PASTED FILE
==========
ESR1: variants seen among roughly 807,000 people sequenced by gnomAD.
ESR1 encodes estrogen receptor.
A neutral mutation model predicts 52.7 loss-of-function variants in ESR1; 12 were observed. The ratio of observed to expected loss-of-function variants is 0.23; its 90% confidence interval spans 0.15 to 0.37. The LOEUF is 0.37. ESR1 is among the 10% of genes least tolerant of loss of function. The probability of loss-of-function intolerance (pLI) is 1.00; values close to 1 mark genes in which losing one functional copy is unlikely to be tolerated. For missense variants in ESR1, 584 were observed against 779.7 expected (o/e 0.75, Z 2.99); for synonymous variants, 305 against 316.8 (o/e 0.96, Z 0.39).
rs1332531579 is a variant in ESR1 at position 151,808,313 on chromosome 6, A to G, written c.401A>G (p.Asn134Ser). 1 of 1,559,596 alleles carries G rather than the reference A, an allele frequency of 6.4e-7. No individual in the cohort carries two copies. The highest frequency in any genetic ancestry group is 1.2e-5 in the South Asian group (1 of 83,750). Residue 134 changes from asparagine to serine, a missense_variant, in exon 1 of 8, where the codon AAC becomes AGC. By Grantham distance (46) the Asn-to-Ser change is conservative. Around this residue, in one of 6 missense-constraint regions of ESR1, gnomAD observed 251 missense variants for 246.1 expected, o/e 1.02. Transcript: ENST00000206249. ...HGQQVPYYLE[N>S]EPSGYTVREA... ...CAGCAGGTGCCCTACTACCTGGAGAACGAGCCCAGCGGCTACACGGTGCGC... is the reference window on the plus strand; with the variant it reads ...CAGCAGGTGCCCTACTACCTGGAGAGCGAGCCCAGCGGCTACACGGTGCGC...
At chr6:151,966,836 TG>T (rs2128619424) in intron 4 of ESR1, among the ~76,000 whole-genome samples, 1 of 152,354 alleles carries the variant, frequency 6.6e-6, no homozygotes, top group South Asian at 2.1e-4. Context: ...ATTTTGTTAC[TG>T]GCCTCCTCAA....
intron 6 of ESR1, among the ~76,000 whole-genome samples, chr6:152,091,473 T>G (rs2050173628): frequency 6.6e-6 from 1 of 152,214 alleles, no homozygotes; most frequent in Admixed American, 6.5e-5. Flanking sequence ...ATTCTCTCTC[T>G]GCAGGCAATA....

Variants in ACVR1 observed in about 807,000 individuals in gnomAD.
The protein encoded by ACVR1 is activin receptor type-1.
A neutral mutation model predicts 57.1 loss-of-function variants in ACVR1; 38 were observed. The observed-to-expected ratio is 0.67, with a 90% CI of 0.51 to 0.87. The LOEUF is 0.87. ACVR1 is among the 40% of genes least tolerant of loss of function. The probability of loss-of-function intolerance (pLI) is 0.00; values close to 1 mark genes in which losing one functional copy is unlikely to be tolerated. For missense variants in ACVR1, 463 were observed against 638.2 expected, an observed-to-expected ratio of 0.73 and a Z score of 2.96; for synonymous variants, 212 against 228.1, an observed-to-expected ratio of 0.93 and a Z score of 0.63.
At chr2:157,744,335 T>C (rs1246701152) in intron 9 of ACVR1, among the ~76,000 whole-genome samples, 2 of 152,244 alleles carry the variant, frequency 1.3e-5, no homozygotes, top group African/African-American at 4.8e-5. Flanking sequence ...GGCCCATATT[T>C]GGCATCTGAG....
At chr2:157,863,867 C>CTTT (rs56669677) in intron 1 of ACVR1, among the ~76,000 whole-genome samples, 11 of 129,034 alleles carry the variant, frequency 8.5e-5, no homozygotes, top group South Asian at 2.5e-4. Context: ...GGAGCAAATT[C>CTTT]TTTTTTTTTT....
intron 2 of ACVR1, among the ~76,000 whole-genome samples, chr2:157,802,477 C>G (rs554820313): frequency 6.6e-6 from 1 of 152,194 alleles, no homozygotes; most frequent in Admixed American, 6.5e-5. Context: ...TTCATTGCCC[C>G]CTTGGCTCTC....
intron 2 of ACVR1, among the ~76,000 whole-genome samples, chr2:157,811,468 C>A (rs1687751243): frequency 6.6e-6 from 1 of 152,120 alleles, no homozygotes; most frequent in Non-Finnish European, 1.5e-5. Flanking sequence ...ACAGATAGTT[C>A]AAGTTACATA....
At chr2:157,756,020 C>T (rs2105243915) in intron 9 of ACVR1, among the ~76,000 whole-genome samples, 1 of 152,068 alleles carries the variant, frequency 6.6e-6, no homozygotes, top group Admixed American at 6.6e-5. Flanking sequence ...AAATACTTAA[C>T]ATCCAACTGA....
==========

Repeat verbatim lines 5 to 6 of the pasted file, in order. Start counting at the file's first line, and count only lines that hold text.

At chr6:151,966,836 TG>T (rs2128619424) in intron 4 of ESR1, among the ~76,000 whole-genome samples, 1 of 152,354 alleles carries the variant, frequency 6.6e-6, no homozygotes, top group South Asian at 2.1e-4. Context: ...ATTTTGTTAC[TG>T]GCCTCCTCAA....
intron 6 of ESR1, among the ~76,000 whole-genome samples, chr6:152,091,473 T>G (rs2050173628): frequency 6.6e-6 from 1 of 152,214 alleles, no homozygotes; most frequent in Admixed American, 6.5e-5. Flanking sequence ...ATTCTCTCTC[T>G]GCAGGCAATA....